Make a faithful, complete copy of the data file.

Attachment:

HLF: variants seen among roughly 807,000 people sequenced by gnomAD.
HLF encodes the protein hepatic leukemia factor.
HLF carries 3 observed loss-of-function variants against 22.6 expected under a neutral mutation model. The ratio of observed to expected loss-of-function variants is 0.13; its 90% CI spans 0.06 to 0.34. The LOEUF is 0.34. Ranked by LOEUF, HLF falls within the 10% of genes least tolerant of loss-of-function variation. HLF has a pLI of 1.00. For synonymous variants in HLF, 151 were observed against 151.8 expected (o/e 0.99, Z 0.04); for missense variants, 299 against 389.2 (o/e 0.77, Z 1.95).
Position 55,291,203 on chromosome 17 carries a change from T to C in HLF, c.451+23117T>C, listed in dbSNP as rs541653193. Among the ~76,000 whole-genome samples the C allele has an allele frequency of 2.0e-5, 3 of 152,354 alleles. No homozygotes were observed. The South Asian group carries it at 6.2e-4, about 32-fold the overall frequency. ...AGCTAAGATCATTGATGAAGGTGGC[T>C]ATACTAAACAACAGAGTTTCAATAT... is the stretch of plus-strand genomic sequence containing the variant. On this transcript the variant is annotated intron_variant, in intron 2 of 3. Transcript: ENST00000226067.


HLF: variants seen among roughly 807,000 people sequenced by gnomAD.
HLF encodes the protein hepatic leukemia factor.
HLF carries 3 observed loss-of-function variants against 22.6 expected under a neutral mutation model. The ratio of observed to expected loss-of-function variants is 0.13; its 90% CI spans 0.06 to 0.34. The LOEUF is 0.34. Ranked by LOEUF, HLF falls within the 10% of genes least tolerant of loss-of-function variation. HLF has a pLI of 1.00. For synonymous variants in HLF, 151 were observed against 151.8 expected (o/e 0.99, Z 0.04); for missense variants, 299 against 389.2 (o/e 0.77, Z 1.95).
Position 55,291,203 on chromosome 17 carries a change from T to C in HLF, c.451+23117T>C, listed in dbSNP as rs541653193. Among the ~76,000 whole-genome samples the C allele has an allele frequency of 2.0e-5, 3 of 152,354 alleles. No homozygotes were observed. The South Asian group carries it at 6.2e-4, about 32-fold the overall frequency. ...AGCTAAGATCATTGATGAAGGTGGC[T>C]ATACTAAACAACAGAGTTTCAATAT... is the stretch of plus-strand genomic sequence containing the variant. On this transcript the variant is annotated intron_variant, in intron 2 of 3. Transcript: ENST00000226067.